Can an Incubator Increase Your Company’s Odds of Success?
WHY YOU SHOULD CARE
Because if you can stack the odds in your favor, why not do it?
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Start-ups seem to be the businesses that grab the most headlines these days — thanks to an enticing combo of disruption, twentysomething billionaires and playground-like offices. But behind many a wildly successful start-up, there was first a start-up incubator. And without these unsung heroes, big names including Airbnb and Dropbox might never have lived to make the impact they do today.
There are estimated to be more than 1,000 business incubators in the United States, and each one plays a starring role in getting startups off the ground. According to research by the National Business Incubation Association:
Companies nurtured in a business incubator have a survival rate of 87 percent, compared with 44 percent for unassisted enterprises.
So what is it incubators actually do? It’s all in the name: They help “hatch” companies and keep them alive until they’re strong enough to go it alone. That could involve anything from plugging new companies into an influential network, training them in business strategy, gifting hard-won, industry-specific knowledge or providing a workspace. Given those early years of operation are the most volatile for a new business — the marketplace has little sympathy for lack of experience and capital — it’s no wonder incubated companies are twice as likely to succeed.
It doesn’t have to be all about apps and sharing-economy platforms, either. New businesses of all stripes are essential ingredients for prosperous communities; according to the U.S. Bureau of Labor Statistics, the number of jobs created by establishments less than a year old totaled 3 million in 2015. And many of these startups aren’t just creating money and jobs — a number of incubators focus on jump-starting companies rooted in social good and ultimately helping build a more inclusive economy. In America’s inner cities, for example, research from the Initiative for a Competitive Inner City has shown that small businesses (those with five to 249 employees) and micro-businesses (firms with one to four employees) are the primary drivers of job creation and employment rates.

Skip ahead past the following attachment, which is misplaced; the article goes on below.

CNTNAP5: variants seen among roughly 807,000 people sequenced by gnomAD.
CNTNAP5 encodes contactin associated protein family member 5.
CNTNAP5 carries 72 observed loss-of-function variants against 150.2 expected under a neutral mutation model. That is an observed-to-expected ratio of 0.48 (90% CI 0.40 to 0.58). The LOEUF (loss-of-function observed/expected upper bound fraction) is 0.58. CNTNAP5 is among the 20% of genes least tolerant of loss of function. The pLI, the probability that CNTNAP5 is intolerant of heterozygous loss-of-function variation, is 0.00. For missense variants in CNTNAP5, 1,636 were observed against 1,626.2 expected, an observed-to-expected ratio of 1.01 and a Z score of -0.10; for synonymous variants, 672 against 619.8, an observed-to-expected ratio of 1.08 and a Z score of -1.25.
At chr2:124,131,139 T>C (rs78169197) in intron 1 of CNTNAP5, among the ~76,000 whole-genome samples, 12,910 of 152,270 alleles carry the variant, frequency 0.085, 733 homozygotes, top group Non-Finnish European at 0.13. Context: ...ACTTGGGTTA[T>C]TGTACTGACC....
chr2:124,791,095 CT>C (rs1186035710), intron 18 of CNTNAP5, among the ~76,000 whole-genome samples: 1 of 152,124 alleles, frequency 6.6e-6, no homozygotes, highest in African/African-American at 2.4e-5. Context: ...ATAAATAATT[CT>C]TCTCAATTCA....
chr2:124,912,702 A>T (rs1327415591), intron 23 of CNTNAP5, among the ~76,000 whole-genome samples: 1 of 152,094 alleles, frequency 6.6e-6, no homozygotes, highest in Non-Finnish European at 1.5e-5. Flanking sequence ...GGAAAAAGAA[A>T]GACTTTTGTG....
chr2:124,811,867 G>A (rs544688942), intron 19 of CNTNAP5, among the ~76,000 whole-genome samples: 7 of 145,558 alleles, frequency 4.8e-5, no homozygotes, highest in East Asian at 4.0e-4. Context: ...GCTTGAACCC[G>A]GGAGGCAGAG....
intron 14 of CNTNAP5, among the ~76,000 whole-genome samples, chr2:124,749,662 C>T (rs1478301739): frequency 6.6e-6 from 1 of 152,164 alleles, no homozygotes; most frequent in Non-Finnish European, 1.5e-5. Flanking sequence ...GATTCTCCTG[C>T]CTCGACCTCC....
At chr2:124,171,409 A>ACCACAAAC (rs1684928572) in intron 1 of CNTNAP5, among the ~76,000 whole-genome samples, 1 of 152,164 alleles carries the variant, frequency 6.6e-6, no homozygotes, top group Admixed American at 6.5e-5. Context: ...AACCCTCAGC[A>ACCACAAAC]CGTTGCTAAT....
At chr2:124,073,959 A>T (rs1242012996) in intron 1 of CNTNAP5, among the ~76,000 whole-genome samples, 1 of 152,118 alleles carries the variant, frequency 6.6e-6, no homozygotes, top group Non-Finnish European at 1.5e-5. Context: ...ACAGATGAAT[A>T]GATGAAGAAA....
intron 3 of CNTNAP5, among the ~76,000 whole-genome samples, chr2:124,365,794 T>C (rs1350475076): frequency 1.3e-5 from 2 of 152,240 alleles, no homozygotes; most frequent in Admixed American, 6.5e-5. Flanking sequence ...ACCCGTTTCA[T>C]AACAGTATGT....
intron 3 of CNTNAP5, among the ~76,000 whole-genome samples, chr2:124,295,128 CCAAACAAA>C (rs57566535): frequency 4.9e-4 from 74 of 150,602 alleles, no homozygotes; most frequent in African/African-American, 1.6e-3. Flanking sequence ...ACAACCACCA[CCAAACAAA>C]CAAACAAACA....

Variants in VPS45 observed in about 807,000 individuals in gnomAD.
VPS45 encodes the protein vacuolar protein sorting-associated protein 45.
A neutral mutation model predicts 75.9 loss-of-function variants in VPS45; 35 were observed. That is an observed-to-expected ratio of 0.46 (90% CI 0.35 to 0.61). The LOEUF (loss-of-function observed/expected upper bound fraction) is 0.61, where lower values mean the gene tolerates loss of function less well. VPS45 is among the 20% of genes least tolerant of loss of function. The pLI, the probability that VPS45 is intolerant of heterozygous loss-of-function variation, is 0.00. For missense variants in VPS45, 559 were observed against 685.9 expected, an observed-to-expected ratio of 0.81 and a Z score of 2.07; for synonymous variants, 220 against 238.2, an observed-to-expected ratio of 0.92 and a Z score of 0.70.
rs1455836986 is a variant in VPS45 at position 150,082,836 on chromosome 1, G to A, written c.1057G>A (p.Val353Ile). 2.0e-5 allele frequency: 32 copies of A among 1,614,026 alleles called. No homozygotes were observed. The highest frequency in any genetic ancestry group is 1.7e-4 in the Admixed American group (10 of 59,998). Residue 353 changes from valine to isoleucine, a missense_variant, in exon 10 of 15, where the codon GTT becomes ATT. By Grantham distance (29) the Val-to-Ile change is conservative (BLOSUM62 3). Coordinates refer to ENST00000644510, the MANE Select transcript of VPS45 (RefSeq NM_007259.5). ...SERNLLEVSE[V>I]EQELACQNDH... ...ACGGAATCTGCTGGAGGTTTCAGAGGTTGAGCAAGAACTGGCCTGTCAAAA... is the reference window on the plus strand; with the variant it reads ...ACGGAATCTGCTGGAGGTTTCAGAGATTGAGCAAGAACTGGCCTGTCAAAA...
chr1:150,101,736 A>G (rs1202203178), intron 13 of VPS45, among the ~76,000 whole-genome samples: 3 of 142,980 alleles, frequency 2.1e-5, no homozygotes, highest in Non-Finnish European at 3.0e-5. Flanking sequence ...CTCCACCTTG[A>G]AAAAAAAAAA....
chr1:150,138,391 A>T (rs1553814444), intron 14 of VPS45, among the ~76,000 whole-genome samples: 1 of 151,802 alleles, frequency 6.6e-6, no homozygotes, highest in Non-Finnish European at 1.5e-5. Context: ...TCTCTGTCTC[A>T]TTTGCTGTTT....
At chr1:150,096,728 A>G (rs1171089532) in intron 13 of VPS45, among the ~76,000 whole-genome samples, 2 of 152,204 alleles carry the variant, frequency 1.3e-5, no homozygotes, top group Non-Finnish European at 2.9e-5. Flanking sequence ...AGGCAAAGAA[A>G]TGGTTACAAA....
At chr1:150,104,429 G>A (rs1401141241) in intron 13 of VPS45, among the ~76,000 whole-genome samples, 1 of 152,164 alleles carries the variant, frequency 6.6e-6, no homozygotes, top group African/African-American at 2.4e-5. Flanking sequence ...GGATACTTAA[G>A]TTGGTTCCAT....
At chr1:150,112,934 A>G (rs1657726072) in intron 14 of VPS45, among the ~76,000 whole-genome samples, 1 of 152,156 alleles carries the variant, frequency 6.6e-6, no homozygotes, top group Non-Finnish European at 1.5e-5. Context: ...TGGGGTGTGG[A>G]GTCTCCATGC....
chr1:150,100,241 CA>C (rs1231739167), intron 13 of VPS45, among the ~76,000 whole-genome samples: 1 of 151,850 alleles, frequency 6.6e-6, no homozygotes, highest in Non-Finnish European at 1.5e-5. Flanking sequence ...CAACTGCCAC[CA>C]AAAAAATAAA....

By bringing people together with a common mission, more happens.
Martin Clark, Allia
“Despite tremendous suffering after Hurricane Katrina, New Orleanians were taking things into their own hands, saw challenges, took action and started to build what we called social enterprises,” says Andrea Chen, co-founder and executive director of Propeller, a nonprofit incubator that supports new businesses focused on the city’s social and environmental challenges. More specifically, it prioritizes ideas around food access, health, education and water management. Founded in 2011, Propeller has already launched more than 100 ventures that have generated $62 million in revenue and financing.
A world away from the sweltering climes of Louisiana, Allia’s Future Business Centers in England also incubate new companies geared toward positive change. JPMorgan Chase, a dedicated financial backer of incubators, recently funded the research for Allia’s expansion into east London, where unemployment has long hovered between 5 and 15 percent above the nation’s average. The new center will provide both space and expert advice to entrepreneurs tackling environmental, economic and educational needs; what’s more, the research estimated it would create 400 new jobs in its first three years of full operation.
The world needs new business, and new business needs incubators. As Martin Clark, deputy CEO and development director at Allia, puts it: “By bringing people together with a common mission, more happens: more impact, more economic growth, more sustainability.”